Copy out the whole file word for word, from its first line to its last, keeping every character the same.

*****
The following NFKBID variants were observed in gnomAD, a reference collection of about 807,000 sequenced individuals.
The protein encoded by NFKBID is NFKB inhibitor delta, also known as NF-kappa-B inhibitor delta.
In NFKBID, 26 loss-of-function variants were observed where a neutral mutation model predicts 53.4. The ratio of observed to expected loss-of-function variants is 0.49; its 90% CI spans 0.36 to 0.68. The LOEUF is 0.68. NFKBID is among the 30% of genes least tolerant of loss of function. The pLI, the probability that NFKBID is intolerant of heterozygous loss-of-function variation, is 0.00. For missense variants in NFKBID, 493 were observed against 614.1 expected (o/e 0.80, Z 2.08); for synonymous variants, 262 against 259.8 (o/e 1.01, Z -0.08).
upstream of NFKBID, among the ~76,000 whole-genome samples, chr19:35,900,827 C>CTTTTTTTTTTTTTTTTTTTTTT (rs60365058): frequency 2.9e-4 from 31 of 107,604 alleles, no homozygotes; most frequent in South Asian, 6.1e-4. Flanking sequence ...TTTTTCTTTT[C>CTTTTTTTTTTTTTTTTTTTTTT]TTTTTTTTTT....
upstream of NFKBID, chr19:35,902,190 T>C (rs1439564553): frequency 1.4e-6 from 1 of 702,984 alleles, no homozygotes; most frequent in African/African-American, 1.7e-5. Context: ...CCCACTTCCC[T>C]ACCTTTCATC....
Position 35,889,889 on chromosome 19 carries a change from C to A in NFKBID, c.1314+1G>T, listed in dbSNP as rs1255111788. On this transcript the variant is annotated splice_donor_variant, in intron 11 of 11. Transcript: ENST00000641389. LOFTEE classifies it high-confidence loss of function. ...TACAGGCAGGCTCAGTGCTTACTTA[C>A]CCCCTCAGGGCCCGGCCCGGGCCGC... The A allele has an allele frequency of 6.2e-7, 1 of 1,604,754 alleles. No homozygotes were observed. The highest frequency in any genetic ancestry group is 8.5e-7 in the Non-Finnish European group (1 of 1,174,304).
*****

The following NFKBID variants were observed in gnomAD, a reference collection of about 807,000 sequenced individuals.
The protein encoded by NFKBID is NFKB inhibitor delta, also known as NF-kappa-B inhibitor delta.
In NFKBID, 26 loss-of-function variants were observed where a neutral mutation model predicts 53.4. The ratio of observed to expected loss-of-function variants is 0.49; its 90% CI spans 0.36 to 0.68. The LOEUF is 0.68. NFKBID is among the 30% of genes least tolerant of loss of function. The pLI, the probability that NFKBID is intolerant of heterozygous loss-of-function variation, is 0.00. For missense variants in NFKBID, 493 were observed against 614.1 expected (o/e 0.80, Z 2.08); for synonymous variants, 262 against 259.8 (o/e 1.01, Z -0.08).
upstream of NFKBID, among the ~76,000 whole-genome samples, chr19:35,900,827 C>CTTTTTTTTTTTTTTTTTTTTTT (rs60365058): frequency 2.9e-4 from 31 of 107,604 alleles, no homozygotes; most frequent in South Asian, 6.1e-4. Flanking sequence ...TTTTTCTTTT[C>CTTTTTTTTTTTTTTTTTTTTTT]TTTTTTTTTT....
upstream of NFKBID, chr19:35,902,190 T>C (rs1439564553): frequency 1.4e-6 from 1 of 702,984 alleles, no homozygotes; most frequent in African/African-American, 1.7e-5. Context: ...CCCACTTCCC[T>C]ACCTTTCATC....
Position 35,889,889 on chromosome 19 carries a change from C to A in NFKBID, c.1314+1G>T, listed in dbSNP as rs1255111788. On this transcript the variant is annotated splice_donor_variant, in intron 11 of 11. Transcript: ENST00000641389. LOFTEE classifies it high-confidence loss of function. ...TACAGGCAGGCTCAGTGCTTACTTA[C>A]CCCCTCAGGGCCCGGCCCGGGCCGC... The A allele has an allele frequency of 6.2e-7, 1 of 1,604,754 alleles. No homozygotes were observed. The highest frequency in any genetic ancestry group is 8.5e-7 in the Non-Finnish European group (1 of 1,174,304).